regular-article-logo Thursday, 25 April 2024

30 held over attack on Pak Hindu temple

Mob sets shrine in northwest Pakistan on fire during protests over its renovation

PTI Peshawar Published 01.01.21, 02:43 AM


Pakistani police have arrested over 30 people, most of them belonging to a radical Islamist party, after a Hindu temple was vandalised and set on fire by a mob protesting its renovation in northwest Pakistan.

A central leader of the radical Jamiat Ulema-e-Islam party, Rehmat Salam Khattak, was among those arrested in police raids after the attack on Terri temple and samadhi of Shri Paramhans Ji Maharaj in the Karak area of Khyber-Pakhtunkhwa province on Wednesday, the police said.


The mob, led by some local clerics and the supporters of the Jamiat Ulema-e-Islam party (Fazal ur Rehman group), was protesting the expansion work being carried out at the shrine. They demolished the newly constructed building that was alongside the old structure.

Over 350 people have been named in the FIR, provincial police chief K.P.K. Sanaullah Abbasi said.

The samadhi of Shri Paramhans Ji Maharaj is considered very sacred by the minority Hindus in Pakistan. It is dedicated to the Maharaj and was built where he died in 1919 in Teri village.

The controversy over the samadhi has been festering for decades.

According to the details submitted to the Supreme Court in 2014, the Hindus had been visiting the shrine till 1997 when it was dismantled by the locals.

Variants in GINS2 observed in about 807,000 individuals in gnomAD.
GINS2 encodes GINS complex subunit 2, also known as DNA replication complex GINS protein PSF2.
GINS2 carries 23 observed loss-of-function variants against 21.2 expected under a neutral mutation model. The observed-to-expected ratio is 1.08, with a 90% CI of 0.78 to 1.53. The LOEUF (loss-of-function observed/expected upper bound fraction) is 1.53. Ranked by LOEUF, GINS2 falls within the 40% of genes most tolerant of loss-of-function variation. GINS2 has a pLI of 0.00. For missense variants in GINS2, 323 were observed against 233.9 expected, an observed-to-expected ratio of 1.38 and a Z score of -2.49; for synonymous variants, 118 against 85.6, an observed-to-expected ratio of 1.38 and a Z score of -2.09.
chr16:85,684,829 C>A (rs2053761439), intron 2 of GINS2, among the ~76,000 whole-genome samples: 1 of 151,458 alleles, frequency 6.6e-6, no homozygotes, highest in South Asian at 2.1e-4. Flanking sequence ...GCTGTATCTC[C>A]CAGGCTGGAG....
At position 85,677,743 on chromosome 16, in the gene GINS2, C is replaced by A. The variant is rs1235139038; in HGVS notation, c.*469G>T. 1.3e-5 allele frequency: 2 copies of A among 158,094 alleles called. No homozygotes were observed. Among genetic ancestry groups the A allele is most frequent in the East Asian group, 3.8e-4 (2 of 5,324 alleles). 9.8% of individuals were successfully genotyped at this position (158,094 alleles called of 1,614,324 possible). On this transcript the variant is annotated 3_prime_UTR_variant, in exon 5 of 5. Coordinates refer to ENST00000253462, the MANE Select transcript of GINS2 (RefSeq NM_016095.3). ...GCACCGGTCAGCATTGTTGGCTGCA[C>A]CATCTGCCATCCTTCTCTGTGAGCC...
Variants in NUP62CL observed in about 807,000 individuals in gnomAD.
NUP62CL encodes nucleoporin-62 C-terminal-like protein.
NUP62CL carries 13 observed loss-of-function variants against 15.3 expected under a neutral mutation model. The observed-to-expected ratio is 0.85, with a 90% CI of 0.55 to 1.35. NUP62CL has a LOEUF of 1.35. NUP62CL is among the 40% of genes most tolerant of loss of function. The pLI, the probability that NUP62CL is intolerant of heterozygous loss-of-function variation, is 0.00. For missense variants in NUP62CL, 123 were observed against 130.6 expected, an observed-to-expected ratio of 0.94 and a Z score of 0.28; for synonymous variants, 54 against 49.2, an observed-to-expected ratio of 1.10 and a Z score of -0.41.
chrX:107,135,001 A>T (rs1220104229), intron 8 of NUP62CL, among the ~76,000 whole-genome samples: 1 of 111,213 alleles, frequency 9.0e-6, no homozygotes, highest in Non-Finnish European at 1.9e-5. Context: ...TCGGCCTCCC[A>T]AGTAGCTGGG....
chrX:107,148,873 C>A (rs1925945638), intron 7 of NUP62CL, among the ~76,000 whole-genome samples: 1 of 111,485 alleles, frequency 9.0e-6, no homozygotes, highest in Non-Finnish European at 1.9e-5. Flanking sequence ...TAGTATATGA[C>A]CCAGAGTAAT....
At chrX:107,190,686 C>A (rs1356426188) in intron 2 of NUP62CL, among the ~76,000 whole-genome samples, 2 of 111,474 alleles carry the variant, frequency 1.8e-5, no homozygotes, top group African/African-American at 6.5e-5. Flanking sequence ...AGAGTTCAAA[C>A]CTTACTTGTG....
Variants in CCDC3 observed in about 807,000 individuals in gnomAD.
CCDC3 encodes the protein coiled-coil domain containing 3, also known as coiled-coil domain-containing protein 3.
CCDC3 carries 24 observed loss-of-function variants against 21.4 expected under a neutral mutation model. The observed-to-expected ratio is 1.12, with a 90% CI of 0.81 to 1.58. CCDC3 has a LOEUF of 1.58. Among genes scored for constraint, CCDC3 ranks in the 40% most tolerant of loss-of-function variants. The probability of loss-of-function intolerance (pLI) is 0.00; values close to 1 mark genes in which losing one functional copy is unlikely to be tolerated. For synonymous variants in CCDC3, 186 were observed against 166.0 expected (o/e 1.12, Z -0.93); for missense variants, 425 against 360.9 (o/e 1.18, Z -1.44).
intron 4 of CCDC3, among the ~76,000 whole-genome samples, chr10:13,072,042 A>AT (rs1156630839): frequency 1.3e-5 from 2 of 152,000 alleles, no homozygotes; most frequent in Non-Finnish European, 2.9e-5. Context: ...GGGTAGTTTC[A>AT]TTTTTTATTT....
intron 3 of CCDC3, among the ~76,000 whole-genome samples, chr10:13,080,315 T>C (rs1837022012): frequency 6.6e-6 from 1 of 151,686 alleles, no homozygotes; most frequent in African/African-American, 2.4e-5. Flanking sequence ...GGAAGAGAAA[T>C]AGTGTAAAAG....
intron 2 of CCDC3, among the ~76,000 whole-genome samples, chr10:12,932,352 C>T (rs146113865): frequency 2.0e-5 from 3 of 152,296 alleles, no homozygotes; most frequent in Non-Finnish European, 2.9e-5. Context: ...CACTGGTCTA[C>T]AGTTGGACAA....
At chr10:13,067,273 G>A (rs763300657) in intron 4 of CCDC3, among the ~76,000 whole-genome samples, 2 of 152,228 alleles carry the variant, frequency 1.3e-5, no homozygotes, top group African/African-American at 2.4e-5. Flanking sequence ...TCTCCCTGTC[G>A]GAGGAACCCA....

The Supreme Court in 2014 ordered the Khyber Pakhtunkhwa government to restore and reconstruct the Hindu shrine.

The order was issued in response to a petition by a Hindu lawmaker who had claimed that the shrine had been occupied by an influential cleric of the area.

According to police officials, a meeting of clerics was held at Shanki Adda in Teri, Karak, before the attack.

The enraged mob shouted slogans and vowed that they would not permit any construction work at the shrine.

They were peaceful initially, but after being provoked by some clerics, they turned violent and attacked the temple, the police said.

Meanwhile, the Supreme Court on Thursday took notice of the attack on the temple and ordered the local authorities to appear before the court on January 5.

According to a statement by the top court, Hindu lawmaker and chief of Pakistan Hindu Council, Ramesh Kumar Vankwani, called on Chief Justice Gulzar Ahmed in Karachi to discuss the issue.

“The chief justice of Pakistan showed grave concern over the tragic incident and informed the member of parliament that he has already taken cognisance of the issue and has fixed the matter before court on January 5 at Islamabad,” according to the statement.

The court has issued directions to a one-man Commission on Minorities Rights, KP chief secretary and KP inspector general of police to visit the site and submit a report on January 4.

The incident drew condemnation from some Pakistani leaders, human rights activists and the minority Hindu community.

Religious affairs minister Noorul Haq Qadri termed the destruction of the temple against the teaching of Islam. He said that the constitution of the country ensures protection of religious places of minorities.

Pakistan’s federal parliamentary secretary for human rights Lal Chand Malhi strongly condemned the attack. Noting that some groups are active in carrying out such anti-social activities, Malhi said the government will not tolerate such incidents. KP chief minister Mahmood Khan said the attack was “an unfortunate incident.”

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